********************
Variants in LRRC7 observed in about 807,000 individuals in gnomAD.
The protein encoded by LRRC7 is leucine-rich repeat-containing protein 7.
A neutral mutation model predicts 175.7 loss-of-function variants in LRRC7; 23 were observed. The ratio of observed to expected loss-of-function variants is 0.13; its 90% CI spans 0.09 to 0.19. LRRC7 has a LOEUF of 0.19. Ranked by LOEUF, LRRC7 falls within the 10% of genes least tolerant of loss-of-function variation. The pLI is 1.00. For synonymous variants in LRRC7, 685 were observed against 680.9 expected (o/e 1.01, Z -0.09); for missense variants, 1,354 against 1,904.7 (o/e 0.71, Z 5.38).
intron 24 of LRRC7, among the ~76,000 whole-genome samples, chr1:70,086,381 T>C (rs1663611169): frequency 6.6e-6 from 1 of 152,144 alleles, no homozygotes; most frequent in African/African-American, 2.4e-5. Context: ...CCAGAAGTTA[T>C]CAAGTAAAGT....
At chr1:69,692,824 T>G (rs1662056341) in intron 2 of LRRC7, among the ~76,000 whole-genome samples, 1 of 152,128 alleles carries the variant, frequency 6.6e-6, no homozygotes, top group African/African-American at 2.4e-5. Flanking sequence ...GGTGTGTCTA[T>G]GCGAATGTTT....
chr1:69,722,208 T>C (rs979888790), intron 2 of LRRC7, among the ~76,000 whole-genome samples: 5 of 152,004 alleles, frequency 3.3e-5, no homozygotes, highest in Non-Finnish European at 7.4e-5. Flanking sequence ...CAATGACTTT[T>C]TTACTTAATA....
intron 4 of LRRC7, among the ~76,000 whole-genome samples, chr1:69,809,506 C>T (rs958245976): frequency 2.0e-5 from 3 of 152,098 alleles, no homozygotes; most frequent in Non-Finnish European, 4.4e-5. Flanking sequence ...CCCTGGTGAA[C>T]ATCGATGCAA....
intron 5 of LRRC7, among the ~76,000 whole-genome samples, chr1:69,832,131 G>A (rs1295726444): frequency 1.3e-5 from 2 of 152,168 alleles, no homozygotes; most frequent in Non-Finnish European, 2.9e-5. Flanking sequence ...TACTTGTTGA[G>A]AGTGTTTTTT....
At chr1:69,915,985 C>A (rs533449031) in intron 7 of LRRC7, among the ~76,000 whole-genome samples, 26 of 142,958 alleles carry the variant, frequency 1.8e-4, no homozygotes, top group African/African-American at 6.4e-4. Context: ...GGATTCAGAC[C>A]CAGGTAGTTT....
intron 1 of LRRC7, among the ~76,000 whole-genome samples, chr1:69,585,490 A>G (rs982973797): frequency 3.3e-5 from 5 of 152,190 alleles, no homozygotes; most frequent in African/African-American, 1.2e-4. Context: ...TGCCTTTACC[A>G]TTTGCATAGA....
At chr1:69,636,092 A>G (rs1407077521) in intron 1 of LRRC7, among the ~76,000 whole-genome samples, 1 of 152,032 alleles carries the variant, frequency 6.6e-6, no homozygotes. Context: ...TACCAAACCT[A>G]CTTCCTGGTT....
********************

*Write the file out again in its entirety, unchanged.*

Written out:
Variants in LRRC7 observed in about 807,000 individuals in gnomAD.
The protein encoded by LRRC7 is leucine-rich repeat-containing protein 7.
A neutral mutation model predicts 175.7 loss-of-function variants in LRRC7; 23 were observed. The ratio of observed to expected loss-of-function variants is 0.13; its 90% CI spans 0.09 to 0.19. LRRC7 has a LOEUF of 0.19. Ranked by LOEUF, LRRC7 falls within the 10% of genes least tolerant of loss-of-function variation. The pLI is 1.00. For synonymous variants in LRRC7, 685 were observed against 680.9 expected (o/e 1.01, Z -0.09); for missense variants, 1,354 against 1,904.7 (o/e 0.71, Z 5.38).
intron 24 of LRRC7, among the ~76,000 whole-genome samples, chr1:70,086,381 T>C (rs1663611169): frequency 6.6e-6 from 1 of 152,144 alleles, no homozygotes; most frequent in African/African-American, 2.4e-5. Context: ...CCAGAAGTTA[T>C]CAAGTAAAGT....
At chr1:69,692,824 T>G (rs1662056341) in intron 2 of LRRC7, among the ~76,000 whole-genome samples, 1 of 152,128 alleles carries the variant, frequency 6.6e-6, no homozygotes, top group African/African-American at 2.4e-5. Flanking sequence ...GGTGTGTCTA[T>G]GCGAATGTTT....
chr1:69,722,208 T>C (rs979888790), intron 2 of LRRC7, among the ~76,000 whole-genome samples: 5 of 152,004 alleles, frequency 3.3e-5, no homozygotes, highest in Non-Finnish European at 7.4e-5. Flanking sequence ...CAATGACTTT[T>C]TTACTTAATA....
intron 4 of LRRC7, among the ~76,000 whole-genome samples, chr1:69,809,506 C>T (rs958245976): frequency 2.0e-5 from 3 of 152,098 alleles, no homozygotes; most frequent in Non-Finnish European, 4.4e-5. Flanking sequence ...CCCTGGTGAA[C>T]ATCGATGCAA....
intron 5 of LRRC7, among the ~76,000 whole-genome samples, chr1:69,832,131 G>A (rs1295726444): frequency 1.3e-5 from 2 of 152,168 alleles, no homozygotes; most frequent in Non-Finnish European, 2.9e-5. Flanking sequence ...TACTTGTTGA[G>A]AGTGTTTTTT....
At chr1:69,915,985 C>A (rs533449031) in intron 7 of LRRC7, among the ~76,000 whole-genome samples, 26 of 142,958 alleles carry the variant, frequency 1.8e-4, no homozygotes, top group African/African-American at 6.4e-4. Context: ...GGATTCAGAC[C>A]CAGGTAGTTT....
intron 1 of LRRC7, among the ~76,000 whole-genome samples, chr1:69,585,490 A>G (rs982973797): frequency 3.3e-5 from 5 of 152,190 alleles, no homozygotes; most frequent in African/African-American, 1.2e-4. Context: ...TGCCTTTACC[A>G]TTTGCATAGA....
At chr1:69,636,092 A>G (rs1407077521) in intron 1 of LRRC7, among the ~76,000 whole-genome samples, 1 of 152,032 alleles carries the variant, frequency 6.6e-6, no homozygotes. Context: ...TACCAAACCT[A>G]CTTCCTGGTT....